Mail-in voting requires fewer poll workers to put their lives at risk from COVID-19
In the Wisconsin primary in April, so many poll workers dropped out because of the pandemic that the number of polling places in Milwaukee had to be reduced from 180 to just 5.
In a letter on Friday, a Sun-Times reader argued that in-person voting, at a polling place, should be the only option in the great majority of cases. The reader wrote: “People are complaining that they shouldn’t have to risk their health to vote. People died to protect that vote.”
In the days before the Wisconsin primary on April 7, at the height of the pandemic in Milwaukee, many elderly election poll workers in Milwaukee were concerned for their health and dropped out. As a result, the number of voting locations in Milwaukee was reduced from 180 to just five, and many voters had to stand for hours to exercise their right to vote.
Would we have preferred that those elderly poll workers put their lives very much on the line? Many of them already had taken enough chances in defense of our freedom. I am very thankful to the many who have sacrificed so much to keep the rest of us safe, but to have others needlessly put their lives at risk seems absurd.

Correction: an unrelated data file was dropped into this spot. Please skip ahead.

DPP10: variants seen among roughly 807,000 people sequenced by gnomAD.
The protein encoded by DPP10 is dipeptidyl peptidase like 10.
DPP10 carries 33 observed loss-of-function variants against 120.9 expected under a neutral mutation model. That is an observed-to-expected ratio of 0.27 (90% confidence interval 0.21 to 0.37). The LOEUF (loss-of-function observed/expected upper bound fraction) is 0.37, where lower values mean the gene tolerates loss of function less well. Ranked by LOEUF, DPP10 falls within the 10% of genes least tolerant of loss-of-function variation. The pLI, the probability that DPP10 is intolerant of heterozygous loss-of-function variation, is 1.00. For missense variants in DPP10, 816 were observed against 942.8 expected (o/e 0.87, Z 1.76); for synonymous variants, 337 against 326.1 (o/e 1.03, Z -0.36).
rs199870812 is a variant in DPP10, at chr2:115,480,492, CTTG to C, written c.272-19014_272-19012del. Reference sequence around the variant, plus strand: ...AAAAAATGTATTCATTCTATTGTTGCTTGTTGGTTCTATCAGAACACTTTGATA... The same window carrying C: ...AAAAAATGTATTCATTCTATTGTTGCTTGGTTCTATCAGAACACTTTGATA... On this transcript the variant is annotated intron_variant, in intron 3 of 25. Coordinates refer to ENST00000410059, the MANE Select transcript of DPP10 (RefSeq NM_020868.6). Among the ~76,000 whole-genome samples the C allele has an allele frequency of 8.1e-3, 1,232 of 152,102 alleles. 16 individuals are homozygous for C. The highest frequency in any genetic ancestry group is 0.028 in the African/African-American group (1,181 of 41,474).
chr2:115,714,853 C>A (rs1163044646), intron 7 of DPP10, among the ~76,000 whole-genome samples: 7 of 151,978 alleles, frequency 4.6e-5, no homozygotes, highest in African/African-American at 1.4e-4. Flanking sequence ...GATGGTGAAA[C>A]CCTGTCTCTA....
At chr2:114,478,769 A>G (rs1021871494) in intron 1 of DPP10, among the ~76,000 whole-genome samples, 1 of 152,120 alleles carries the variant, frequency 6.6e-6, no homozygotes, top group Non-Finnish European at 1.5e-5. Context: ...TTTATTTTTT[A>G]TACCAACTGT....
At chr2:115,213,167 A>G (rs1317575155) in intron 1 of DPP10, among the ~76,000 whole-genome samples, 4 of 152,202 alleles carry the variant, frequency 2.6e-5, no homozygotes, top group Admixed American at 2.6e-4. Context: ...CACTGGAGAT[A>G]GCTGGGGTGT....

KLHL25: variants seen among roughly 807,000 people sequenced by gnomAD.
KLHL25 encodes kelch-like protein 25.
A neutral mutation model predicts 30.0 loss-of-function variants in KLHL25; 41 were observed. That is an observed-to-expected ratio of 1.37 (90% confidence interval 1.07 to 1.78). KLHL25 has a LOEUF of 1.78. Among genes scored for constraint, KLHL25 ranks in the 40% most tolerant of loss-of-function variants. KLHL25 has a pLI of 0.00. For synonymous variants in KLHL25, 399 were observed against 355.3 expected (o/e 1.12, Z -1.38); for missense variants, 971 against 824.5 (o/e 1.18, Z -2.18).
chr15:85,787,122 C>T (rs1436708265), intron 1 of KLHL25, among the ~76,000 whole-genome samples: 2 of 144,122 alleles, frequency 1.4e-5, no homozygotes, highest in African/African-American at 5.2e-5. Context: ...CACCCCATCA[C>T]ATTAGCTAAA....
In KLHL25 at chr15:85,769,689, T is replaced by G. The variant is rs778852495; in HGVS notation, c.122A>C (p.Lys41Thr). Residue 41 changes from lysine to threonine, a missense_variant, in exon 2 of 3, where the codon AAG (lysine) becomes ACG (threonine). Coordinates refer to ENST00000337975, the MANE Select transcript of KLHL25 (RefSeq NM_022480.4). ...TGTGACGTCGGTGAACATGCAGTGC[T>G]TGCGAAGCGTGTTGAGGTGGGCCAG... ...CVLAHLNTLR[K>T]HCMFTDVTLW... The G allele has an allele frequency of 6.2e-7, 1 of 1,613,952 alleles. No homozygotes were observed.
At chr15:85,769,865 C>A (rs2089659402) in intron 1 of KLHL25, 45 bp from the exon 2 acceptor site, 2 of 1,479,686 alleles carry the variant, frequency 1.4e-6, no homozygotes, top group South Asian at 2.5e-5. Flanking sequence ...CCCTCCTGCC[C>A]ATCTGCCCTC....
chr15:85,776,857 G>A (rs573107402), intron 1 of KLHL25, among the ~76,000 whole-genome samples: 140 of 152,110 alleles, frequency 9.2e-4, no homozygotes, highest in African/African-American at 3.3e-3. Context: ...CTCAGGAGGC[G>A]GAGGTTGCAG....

Voting should be easy and fair, free of fraud. I wish those who protest mail-in voting had the same concern for the rights of voters who show up at the polls, only to find that they have been removed from the rolls.
Kevin Coughlin, Evanston
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GOP voter suppression
There is no evidence that mail-in elections compromise security or privacy. The opposition to mail-in voting is nothing more than another Republican effort at voter suppression. They know they can’t win elections if everyone is allowed to vote. The lack of integrity on the right is astounding!
Michael Shepherd, Bellwood
Coronavirus humbles us
Someone recently said to me, “Hopefully, we will learn what we need to know from this pandemic.” I don’t think she was referring to the plethora of information scientists are poring over to corral this contagious disease.
To my mind, one lesson to be learned is humility.
Yes, our amazing skyscrapers poke through the clouds. We can fly planes with hundreds of people on board. We can build highways through mountains and dig deep into the earth for water and oil. We have walked on the moon, and now Mars is within reach. Technology is bursting with one brilliant innovation after another, forever changing the way humans navigate the world.
Yet an invisible intruder brought everything to, if not a screeching halt, then at least a nightmarish stumble in the dark. The COVID-19 virus reminds us that we are but mortal, and therefore always vulnerable.
It is best we stay humble and ever vigilant.
Kathleen Melia, Niles